An upright piano has an architectural element that makes it different from other instruments and from other keyboards as well. It has a flat top. An area that can function as a shelf. One that inevitably accumulates objects. No one places their phone on their guitar or violin, even when they’re not playing it; yet most people don’t hesitate to put something on an upright. And, even as they do, it remains functional.
What’s on our piano at the moment? A cloth runner. Photos of family, including the kids at various points in their lives. Two candles. A clothespin doll the son made at school that is supposed to look like his mother (and which we call “Jazz Singer Mama”). A ceramic bird on wheels made by a good friend. A pen cap (removed at this writing). A small painted rock whose origin is unknown. A demi-bottle of French wine that won’t fit in the nearby rack.
In short, the top of our piano is an odd art exhibition of our lives, partly curated and partly haphazard, partly permanent and partly temporary. The space feels unintentionally significant, even powerful. The only equivalent in the house is, perhaps, the fireplace mantle.
Out of curiosity, I asked my Facebook friends what was on top of their pianos.
Several answered lamps and metronomes, which made me realize that anyone coming to our house would know immediately we’re not serious players (although my wife does use a metronome app on her phone). One insisted that these were “exactly what should be there” and another remembered that for her mother, a music teacher, these were “the ONLY things allowed.” For some, the piano is a workspace and to be treated as such. After all, a chef doesn’t put knick-knacks near the chopping board, and a carpenter doesn’t clutter the tool bench with children’s school projects.
Many people listed books, not just music books but poetry and literature. This isn’t surprising. As all readers know, once books are allowed in the house, they vigorously multiply, covering every available horizontal space like kudzu. The man who tunes our instrument told me that he has seen pianos so piled with books and manuscripts that the tops have been permanently warped.
Photos are common as are art works, plants, and flowers (cut, dried and fake). Also mentioned were a ukulele, tchotchkes, a non-working antique clock, a cow skull, a small bust of Beethoven, a TV, toys, and “random crap like kindles and papers and junk.”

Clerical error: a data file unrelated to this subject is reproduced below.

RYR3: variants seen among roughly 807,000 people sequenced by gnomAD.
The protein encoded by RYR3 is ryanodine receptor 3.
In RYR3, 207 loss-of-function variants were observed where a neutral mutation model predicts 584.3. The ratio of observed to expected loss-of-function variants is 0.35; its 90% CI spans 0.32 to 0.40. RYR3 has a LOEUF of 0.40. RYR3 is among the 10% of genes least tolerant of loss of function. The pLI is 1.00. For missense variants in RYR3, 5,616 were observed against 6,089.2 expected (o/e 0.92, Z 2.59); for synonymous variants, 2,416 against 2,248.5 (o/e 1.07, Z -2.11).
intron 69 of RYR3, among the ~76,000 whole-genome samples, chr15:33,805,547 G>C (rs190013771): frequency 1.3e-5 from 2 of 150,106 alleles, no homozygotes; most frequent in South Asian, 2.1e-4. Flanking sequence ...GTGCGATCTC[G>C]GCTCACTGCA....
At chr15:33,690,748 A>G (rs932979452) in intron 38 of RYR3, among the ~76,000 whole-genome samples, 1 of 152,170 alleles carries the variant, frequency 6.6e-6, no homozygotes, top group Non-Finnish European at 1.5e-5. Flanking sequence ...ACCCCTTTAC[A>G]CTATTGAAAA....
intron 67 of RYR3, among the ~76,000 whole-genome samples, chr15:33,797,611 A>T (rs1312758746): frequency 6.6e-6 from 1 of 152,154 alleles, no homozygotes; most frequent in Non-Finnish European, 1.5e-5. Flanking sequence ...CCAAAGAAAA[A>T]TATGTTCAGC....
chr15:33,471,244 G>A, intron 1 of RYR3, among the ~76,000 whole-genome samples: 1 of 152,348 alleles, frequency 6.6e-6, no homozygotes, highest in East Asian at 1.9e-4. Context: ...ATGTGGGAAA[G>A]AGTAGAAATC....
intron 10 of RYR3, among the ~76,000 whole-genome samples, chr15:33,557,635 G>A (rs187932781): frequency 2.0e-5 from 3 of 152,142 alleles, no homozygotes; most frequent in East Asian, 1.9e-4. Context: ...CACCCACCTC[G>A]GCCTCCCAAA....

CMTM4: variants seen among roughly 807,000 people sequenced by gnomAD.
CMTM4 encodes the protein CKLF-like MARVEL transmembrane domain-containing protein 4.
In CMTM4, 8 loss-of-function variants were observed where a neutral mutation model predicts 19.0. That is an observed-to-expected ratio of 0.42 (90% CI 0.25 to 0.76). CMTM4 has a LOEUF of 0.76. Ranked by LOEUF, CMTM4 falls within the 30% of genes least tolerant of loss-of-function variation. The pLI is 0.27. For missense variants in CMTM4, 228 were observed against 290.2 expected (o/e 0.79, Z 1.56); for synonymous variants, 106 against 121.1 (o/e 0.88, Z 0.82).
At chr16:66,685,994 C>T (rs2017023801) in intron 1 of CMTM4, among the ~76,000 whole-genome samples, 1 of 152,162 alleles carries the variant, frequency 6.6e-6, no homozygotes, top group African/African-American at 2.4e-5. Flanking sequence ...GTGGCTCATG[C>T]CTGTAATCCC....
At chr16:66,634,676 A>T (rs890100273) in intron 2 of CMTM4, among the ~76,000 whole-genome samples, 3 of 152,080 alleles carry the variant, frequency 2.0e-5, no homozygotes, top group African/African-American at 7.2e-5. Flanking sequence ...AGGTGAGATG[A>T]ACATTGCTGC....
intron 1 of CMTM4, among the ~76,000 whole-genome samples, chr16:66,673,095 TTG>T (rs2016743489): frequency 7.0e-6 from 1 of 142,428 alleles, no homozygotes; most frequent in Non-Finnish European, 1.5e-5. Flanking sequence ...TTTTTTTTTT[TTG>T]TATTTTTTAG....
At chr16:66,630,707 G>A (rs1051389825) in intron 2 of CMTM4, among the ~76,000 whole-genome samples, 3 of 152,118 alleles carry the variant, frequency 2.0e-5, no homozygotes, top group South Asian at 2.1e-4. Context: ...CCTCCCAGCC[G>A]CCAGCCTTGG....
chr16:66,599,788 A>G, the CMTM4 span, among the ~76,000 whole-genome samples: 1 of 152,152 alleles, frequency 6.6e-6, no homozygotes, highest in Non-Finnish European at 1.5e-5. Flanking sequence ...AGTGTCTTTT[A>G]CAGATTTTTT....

One person managed to get quite a bit into the space: “a lamp, nine family photos (seven framed, two just stuck there), a diploma from Salem College, a vase from the Netherlands, a ceramic bowl and a Carole King ‘Tapestry’ song book. One time there was a 5-foot black snake but I didn’t put it there.”
Some responded “dust,” and others answered “a cat.”
The piano top is a type of eddy in the household, collecting things from the current of our daily lives and holding them there for a while, but I think it’s also more than that.
In old musicals, occasionally an appreciative listener will bang out rhythms on the top or rest drinks and ashtrays there. Sometimes someone will even sit there, or a dancer will exuberantly leap up and tap. It’s a gesture that has always felt transgressive, even shocking to me, and I finally more fully understand why. It’s not simply jumping on furniture; that particular space is different. It’s more than just a shelf or a storage area.
The piano top, at least in someone’s home, becomes a type of altar. We collect meaningful images and totems to display, and we sit before these, lowering ourselves down, engaging in ritualized play, and holding ourselves in postures of concentration. We practice (a word with religious connotations, we speak of “practicing” Christians or “practicing” Buddhists), and, as we do, the music moves up and into and through these objects, infusing them with a type of power and infusing us.
Is it significant what’s on a piano top? Probably not. Is it significant if something is there? Probably so.
A professor at the University of North Carolina School of the Arts, Joseph Mills holds an endowed chair, the Susan Burress Wall Distinguished Professorship in the Humanities. He has published five collections of poetry, including This Miraculous Turning and Angels, Thieves, and Winemakers (2nd edition). A new book of poetry is coming out in April: Exit, Pursued By a Bear. Although he has achieved awards and acclaim for his work, no one, not even the most sympathetic and pitying, would praise the way he blunders through “Amazing Grace” or rudimentary piano pieces. Nonetheless, in his middle age, he has decided to learn piano, and he suspects that it has begun to change his life in unanticipated ways.